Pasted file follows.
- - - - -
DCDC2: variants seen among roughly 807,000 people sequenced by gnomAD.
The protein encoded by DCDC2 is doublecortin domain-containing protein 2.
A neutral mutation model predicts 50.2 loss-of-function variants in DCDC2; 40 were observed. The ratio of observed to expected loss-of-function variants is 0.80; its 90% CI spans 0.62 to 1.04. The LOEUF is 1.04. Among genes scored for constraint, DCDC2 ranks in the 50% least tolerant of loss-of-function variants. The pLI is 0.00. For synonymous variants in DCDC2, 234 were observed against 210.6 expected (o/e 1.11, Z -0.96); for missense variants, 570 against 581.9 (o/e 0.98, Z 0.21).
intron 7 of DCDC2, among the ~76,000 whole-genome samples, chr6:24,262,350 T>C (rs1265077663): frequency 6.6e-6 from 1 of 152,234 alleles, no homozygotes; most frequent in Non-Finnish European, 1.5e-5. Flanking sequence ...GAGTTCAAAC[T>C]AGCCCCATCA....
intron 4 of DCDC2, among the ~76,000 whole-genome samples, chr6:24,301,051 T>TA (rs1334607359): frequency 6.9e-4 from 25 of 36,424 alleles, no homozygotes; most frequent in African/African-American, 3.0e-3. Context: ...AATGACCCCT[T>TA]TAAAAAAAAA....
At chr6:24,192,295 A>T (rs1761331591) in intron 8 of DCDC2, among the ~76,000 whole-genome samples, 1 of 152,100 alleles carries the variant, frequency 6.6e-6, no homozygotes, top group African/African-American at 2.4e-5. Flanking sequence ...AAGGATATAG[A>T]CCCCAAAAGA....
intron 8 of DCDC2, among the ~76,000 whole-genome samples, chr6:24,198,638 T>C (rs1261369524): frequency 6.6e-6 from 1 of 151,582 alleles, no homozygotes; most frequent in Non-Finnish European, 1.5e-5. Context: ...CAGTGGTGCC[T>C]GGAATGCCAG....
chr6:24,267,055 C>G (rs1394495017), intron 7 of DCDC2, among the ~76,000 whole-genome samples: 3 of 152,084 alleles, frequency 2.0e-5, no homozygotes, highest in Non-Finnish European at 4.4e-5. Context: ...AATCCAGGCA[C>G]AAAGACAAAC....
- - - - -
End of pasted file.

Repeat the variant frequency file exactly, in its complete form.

DCDC2: variants seen among roughly 807,000 people sequenced by gnomAD.
The protein encoded by DCDC2 is doublecortin domain-containing protein 2.
A neutral mutation model predicts 50.2 loss-of-function variants in DCDC2; 40 were observed. The ratio of observed to expected loss-of-function variants is 0.80; its 90% CI spans 0.62 to 1.04. The LOEUF is 1.04. Among genes scored for constraint, DCDC2 ranks in the 50% least tolerant of loss-of-function variants. The pLI is 0.00. For synonymous variants in DCDC2, 234 were observed against 210.6 expected (o/e 1.11, Z -0.96); for missense variants, 570 against 581.9 (o/e 0.98, Z 0.21).
intron 7 of DCDC2, among the ~76,000 whole-genome samples, chr6:24,262,350 T>C (rs1265077663): frequency 6.6e-6 from 1 of 152,234 alleles, no homozygotes; most frequent in Non-Finnish European, 1.5e-5. Flanking sequence ...GAGTTCAAAC[T>C]AGCCCCATCA....
intron 4 of DCDC2, among the ~76,000 whole-genome samples, chr6:24,301,051 T>TA (rs1334607359): frequency 6.9e-4 from 25 of 36,424 alleles, no homozygotes; most frequent in African/African-American, 3.0e-3. Context: ...AATGACCCCT[T>TA]TAAAAAAAAA....
At chr6:24,192,295 A>T (rs1761331591) in intron 8 of DCDC2, among the ~76,000 whole-genome samples, 1 of 152,100 alleles carries the variant, frequency 6.6e-6, no homozygotes, top group African/African-American at 2.4e-5. Flanking sequence ...AAGGATATAG[A>T]CCCCAAAAGA....
intron 8 of DCDC2, among the ~76,000 whole-genome samples, chr6:24,198,638 T>C (rs1261369524): frequency 6.6e-6 from 1 of 151,582 alleles, no homozygotes; most frequent in Non-Finnish European, 1.5e-5. Context: ...CAGTGGTGCC[T>C]GGAATGCCAG....
chr6:24,267,055 C>G (rs1394495017), intron 7 of DCDC2, among the ~76,000 whole-genome samples: 3 of 152,084 alleles, frequency 2.0e-5, no homozygotes, highest in Non-Finnish European at 4.4e-5. Context: ...AATCCAGGCA[C>G]AAAGACAAAC....